Voice in the Cultural Soundscape: Sonic Literacy in Composition Studies

by Michelle Comstock and Mary E. Hocks



Sonic Literacy as Embodied Knowledge

Technological Literacies of Sound

Classroom Opportunities in Sonic Literacy

Voices in Soundscapes

Voice and Gender

Voice and Culture

Voices of Social Conscience



Works Cited

Video Clips




7. Voice and Culture - "Why I Don't Like My Accent"

The articulation of accented voices and dialects can become even more radical in a culture that privileges Standard American English. One of Michelle’s advanced composition students, Miku Rager, used her documentary assignment to explore the cultural assumptions and dissonance around the “accented voice”—in her case, a woman’s voice speaking English with a Japanese accent.

"Why I Don't Like My Accent" Video Clip

In "Why I Don't Like My Accent," Miku powerfully contextualized her own voice over and her "paranoid" (her words) self-consciousness of it within the larger cultural production of the Asian female voice. Using clips from Kill Bill and Full Metal Jacket, Miku demonstrated the synthesization and fetishization of the Asian female voice in the U.S. popular cultural soundscape, a voice attached to an eroticized, infantilized, and in the case of Kill Bill's O-Ren Ishii (Lucy Liu), lethal body. Throughout the composition, Miku takes issue with Professor Higgins of My Fair Lady, claiming that certain individuals cannot "conquer" or tame their own voices:

I came to the U.S. when I was eighteen, so no matter how hard I try, how motivated I am, how great my teachers and their methods are, I cannot speak English without an accent so far. In fact, I've been trying for eight years, and I don't see significant improvement in my accent.

Miku's piece points to the material effects of voice in our culture, where particular accents continue to possess more earning power than others: "How much accent is too heavy?" she asks, "How much accent am I allowed to have?" In the end, Miku decides to take on the cultural stereotypes and not her own voice. She chooses to resonate (and work) with her own voice as it is and teach others to do so, too. She concludes her documentary with brief portraits of Japanese women in the fields of astronomy and art. This is just the beginning, she suggests, of a "lifelong re-education project." These counter-images become part of Miku's own voice in the piece. They give her voice and voice-over narration a social and cultural capital and credibility that is missing in the stereotypes.

Regarding her own production process, Miku wrote about the difficulty of achieving resonance with her "accented" voice (the very theme of her documentary). She claimed the project taught her a great deal about focus and "flow" in her writing:

I was originally satisfied with my first script. The script seemed to represent what I wanted to say in the manner I intended to. However, once I started to do the voice over my script became unbearable. There was no flow between the sentences. Awkward word choices and sentence structures suddenly screamed out from the text. When people would say words are alive, I would always think it was such a cliché. With this voice over, I experienced the life of words for the first time. And as a neglecting mother of an awful script, the fact scared me.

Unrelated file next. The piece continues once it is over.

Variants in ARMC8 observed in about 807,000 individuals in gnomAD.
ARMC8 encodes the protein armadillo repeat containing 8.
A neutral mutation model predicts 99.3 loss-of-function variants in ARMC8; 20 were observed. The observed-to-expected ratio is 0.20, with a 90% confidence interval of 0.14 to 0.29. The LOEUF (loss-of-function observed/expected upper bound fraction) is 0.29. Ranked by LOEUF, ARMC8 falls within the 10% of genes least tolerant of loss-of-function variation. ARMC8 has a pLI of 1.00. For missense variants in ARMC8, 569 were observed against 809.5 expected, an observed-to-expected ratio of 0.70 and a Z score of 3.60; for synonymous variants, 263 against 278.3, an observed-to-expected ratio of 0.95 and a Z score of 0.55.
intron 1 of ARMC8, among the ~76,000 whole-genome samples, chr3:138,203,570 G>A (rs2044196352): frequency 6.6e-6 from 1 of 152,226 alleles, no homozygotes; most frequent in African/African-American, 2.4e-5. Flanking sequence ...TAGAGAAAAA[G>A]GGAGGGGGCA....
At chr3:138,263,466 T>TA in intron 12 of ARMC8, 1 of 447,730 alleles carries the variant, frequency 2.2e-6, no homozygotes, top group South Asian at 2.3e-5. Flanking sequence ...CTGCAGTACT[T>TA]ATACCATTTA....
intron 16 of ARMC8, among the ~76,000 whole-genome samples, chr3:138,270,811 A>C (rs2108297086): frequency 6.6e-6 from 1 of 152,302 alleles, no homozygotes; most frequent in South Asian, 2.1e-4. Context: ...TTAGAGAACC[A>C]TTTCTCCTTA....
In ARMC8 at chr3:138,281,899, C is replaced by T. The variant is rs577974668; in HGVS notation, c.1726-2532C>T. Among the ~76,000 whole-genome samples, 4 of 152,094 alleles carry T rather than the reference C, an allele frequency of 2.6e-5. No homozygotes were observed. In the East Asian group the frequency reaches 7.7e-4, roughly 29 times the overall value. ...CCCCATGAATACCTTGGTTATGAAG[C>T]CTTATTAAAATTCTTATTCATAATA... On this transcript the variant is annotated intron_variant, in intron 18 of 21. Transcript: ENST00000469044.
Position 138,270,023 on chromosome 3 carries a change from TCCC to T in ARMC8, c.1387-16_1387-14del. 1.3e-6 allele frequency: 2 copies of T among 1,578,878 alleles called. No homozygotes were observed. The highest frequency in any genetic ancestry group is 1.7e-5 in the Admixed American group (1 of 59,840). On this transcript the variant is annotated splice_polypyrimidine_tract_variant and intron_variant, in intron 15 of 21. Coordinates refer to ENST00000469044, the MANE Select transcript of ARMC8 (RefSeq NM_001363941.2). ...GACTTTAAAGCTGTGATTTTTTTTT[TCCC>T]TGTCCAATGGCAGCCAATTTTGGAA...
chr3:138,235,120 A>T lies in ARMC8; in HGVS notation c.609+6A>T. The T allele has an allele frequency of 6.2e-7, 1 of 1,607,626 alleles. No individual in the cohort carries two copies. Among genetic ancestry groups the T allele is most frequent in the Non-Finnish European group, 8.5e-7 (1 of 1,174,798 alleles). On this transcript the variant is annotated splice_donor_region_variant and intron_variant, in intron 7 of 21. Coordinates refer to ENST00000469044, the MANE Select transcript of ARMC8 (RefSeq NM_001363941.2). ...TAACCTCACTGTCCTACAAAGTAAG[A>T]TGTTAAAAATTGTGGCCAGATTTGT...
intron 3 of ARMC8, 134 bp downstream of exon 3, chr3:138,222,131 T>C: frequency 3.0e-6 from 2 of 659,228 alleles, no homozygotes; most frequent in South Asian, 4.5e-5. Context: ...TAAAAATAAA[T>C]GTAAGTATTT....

When we teach voice-over narrations, we focus less on technical details and more on the intimacy and immediacy created by the words, cadence, and tone of the voice(s). All of these qualities create what sound theorists call "resonance"--the impact of one vibration on another. Resonance is also a metaphor in communication practices and connotes a listener-centric approach to production, one that takes into account whether the listener's auditory system, as well as experiences, will allow him or her to vibrate at the same frequency as one's words and tones. A voice-over narration, for example, asks students to engage in a particular form of sonic literacy, to consciously choose words and tones that resonate (or create dissonance) with an audience, as well as with themselves.

What the resonance metaphor emphasizes is the sharing of experience and emotion, not just ideas or knowledge. It is a metaphor that relies on modes of communication beyond print, such as music and images. Of course, just as no instrument can be completely in tune, no voice can completely resonate. There are levels of resonation, which are dependent upon cultural context and space. As Miku discovered firsthand, in order to achieve resonance, one must write descriptively and concretely, with special attention to emphasis. Various inflections and their effects become more obvious in voice-over narrations, their malleability a source of inspiration or just confusion. Both her documentary and reflective writing highlight her struggle to create a powerful, persuasive voice, a struggle many first-time multimedia producers share. The highly-edited, homogenous professional voices of mainstream media often have a silencing effect on our own, making it so we can't hear ourselves or other individual voices. Of course, as Miku also points out, whatever counts as the "natural voice" is complicated by the cultural soundscape, and as Truax argues, "Even our own voice comes back to us with the properties of the immediate environment embedded within it" (32). When students begin to recognize and produce resonance, and also recognize and use dissonance strategically, they become much more sophisticated communicators and critics of popular cultural soundscapes. These culturally-inscribed resonances and dissonances teach students to question the notion of the "natural voice" and thus develop their critical sonic literacy.


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